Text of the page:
A Fresno man accused of sexually abusing a 12-year girl pleaded not guilty Monday in his first court appearance in Fresno County Superior Court.
Brent Cox faces nine counts of sexual abuse allegedly against the daughter of his girlfriend. Fresno County Sheriff’s deputies arrested Cox, 41, last week. They also arrested his wife Jillian Cox and a live-in girlfriend, 38, all on sexual abuse charges.
Judge Adolfo Corona ordered the news media not to report the name of the girlfriend to protect the identity of the alleged victim.
Cox Faces Nine Counts
The district attorney’s office accused Cox of abusing the girl between May 28, 2020 and Jan. 25, 2021.
The complaint lists nine counts, including four counts of oral copulation of a person under 14; and one count each of sexual penetration of a victim under 14; continuous sexual abuse; contact or communication with a minor with intent to commit a sexual offense; meeting with a minor to commit sexual offense; and dissuading a witness from reporting a crime.
After his arrest, Cox was being held without bail. Cox’s attorney, Marc Kapetan, asked for a bail reduction, arguing that some of the charges were duplicative.
Corona set bail at $495,000.
The prosecutor’s complaint also showed that Cox had a 2000 conviction for arson.
Corona also issued a criminal protective order, in essence a restraining order. Cox is prevented from contacting the alleged victim by any manner, including through a third party.
“It’s a stay-away order from the alleged victim. You are to stay a hundred yards away from this person, wherever they are. Let’s not have personal, electronic, telephonic, or written contact with this person. Let’s not have contact with this person through another person,” the judge said.
Corona also barred Cox from access to guns or ammunition.
Kapetan argued against GV Wire℠ and other news media requests to record the arraignment. He said such coverage is sensational because of some of the details that already have been reported, including Cox having a wife and girlfriend, and “Gothic-type interests.”
Corona denied that request, but did order media to report neither the name of the alleged victim because of her age nor the name of her mother.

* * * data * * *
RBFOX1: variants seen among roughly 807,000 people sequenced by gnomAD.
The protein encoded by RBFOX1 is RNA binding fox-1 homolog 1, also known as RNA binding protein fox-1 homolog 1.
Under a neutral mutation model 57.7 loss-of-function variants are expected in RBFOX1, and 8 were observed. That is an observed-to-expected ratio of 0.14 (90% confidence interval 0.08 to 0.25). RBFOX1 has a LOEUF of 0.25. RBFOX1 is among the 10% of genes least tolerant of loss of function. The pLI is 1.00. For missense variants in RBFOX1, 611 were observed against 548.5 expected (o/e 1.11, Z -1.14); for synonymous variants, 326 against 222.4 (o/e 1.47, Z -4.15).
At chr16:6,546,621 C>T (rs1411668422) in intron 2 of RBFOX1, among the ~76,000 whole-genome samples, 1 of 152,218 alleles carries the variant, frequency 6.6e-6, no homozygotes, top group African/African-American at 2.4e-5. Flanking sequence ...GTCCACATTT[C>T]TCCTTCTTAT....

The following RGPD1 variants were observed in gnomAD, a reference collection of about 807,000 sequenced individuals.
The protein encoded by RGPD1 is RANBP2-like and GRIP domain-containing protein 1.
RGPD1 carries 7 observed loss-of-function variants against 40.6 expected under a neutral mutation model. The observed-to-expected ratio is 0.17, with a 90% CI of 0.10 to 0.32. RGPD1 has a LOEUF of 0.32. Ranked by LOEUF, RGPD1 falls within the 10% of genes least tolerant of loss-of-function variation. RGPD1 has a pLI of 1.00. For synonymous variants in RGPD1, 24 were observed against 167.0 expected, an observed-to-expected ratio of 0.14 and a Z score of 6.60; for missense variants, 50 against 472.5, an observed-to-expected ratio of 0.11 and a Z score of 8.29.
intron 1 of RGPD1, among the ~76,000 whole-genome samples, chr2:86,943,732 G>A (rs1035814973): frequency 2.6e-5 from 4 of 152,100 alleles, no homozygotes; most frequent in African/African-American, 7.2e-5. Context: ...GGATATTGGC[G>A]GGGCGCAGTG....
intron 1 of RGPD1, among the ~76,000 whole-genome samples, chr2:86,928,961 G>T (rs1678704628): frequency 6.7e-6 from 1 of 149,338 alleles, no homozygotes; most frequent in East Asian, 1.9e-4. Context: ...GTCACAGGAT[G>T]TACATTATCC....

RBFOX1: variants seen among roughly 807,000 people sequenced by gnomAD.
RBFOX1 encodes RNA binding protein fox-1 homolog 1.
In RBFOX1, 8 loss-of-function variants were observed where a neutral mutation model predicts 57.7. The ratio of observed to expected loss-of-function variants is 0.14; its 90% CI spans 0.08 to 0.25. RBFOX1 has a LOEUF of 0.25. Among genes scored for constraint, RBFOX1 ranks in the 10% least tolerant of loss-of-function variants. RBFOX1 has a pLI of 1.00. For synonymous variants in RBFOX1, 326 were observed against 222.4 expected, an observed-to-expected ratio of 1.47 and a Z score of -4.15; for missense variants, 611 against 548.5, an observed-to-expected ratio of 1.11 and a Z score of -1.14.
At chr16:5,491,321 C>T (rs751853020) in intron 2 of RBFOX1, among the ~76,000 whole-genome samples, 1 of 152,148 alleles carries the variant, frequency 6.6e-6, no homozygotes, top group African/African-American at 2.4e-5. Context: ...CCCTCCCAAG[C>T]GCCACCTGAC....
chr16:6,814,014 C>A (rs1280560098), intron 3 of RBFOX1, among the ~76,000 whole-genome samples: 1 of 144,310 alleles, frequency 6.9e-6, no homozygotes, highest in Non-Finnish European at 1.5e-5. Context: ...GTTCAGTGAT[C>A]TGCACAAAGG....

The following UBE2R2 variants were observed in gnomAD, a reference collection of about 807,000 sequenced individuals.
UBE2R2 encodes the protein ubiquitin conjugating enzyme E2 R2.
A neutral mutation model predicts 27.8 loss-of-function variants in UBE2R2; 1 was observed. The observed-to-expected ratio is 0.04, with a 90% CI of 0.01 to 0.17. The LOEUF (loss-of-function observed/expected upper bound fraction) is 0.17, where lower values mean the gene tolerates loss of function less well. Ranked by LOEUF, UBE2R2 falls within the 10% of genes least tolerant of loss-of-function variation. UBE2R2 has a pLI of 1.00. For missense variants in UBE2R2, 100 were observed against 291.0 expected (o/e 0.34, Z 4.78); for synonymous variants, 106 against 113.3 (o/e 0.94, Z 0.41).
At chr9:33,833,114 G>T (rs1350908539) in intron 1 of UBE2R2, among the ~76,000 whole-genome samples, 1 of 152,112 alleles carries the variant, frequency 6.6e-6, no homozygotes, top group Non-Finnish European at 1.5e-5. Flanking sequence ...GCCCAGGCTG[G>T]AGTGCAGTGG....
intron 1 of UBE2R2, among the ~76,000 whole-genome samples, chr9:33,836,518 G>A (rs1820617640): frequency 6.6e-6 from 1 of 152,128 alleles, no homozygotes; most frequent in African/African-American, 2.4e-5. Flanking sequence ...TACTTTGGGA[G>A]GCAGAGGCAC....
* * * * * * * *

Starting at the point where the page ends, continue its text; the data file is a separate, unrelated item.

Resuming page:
Arraignment In Two Courtrooms
Cox was initially scheduled to be arraigned in the courtroom of Judge James Kelley. Once Kapetan appeared on behalf of Cox, Kelley recused himself without stating why.
The case could have been transferred to the adjacent courtroom. That meant Judge Jon Kapetan also would have had to recuse himself because he is the brother of Cox’s attorney.
Eventually, the matter was transferred to Corona’s Department 20 courtroom.
While Cox appeared in person, the judge and both attorneys — Marc Kapetan and prosecutor Richard Burchett — appeared via Zoom teleconferencing.
The case returns March 10 for a pre-preliminary hearing and March 17 for the preliminary hearing.
Two Other Suspects Await Court Date
The district attorney filed formal charges against Jillian Cox and the girlfriend on Monday afternoon.
Cox, 36, faces two counts — lewd acts upon a child and child abuse. She is scheduled to be arraigned on April 16.
The girlfriend faces those two counts plus an additional charge of dissuading a witness from testifying.
Because she is still in custody, her first court appearance is scheduled for Tuesday morning in front of Kelley. Her bail is listed as $80,000, according to the county jail website.
According to jail records, Cox bailed out of jail Friday at 4:19 p.m.
Girlfriend Wanted Full Custody of Daughter
According to court records, the girlfriend/mother of the alleged victim married the child’s father in 2001 and filed for divorce in 2016. It was finalized a year later.
The couple agreed to 50/50 joint custody.
However, in November the woman filed an emergency petition for sole custody of their daughter.
“The reason for the emergency order is fear of physical harm in retaliation for her attempted refusal to see them, especially because of excessive alcohol use. She is terrified of returning, and threatens suicide when she is forced to go,” the woman wrote in her petition.
The motion was denied for “failure to provide a declaration establishing good cause for waiver of the notice requirement,” and establishing good cause “is not sufficient.”
In 2017, the husband filed a restraining order, asking to change the custody arrangement. He accused the woman, among other things, of being “under the influence of drugs and shows signs of anger/violence.”
The woman denied those allegations. Eventually, the parties agreed to mediation, and the matter was dropped.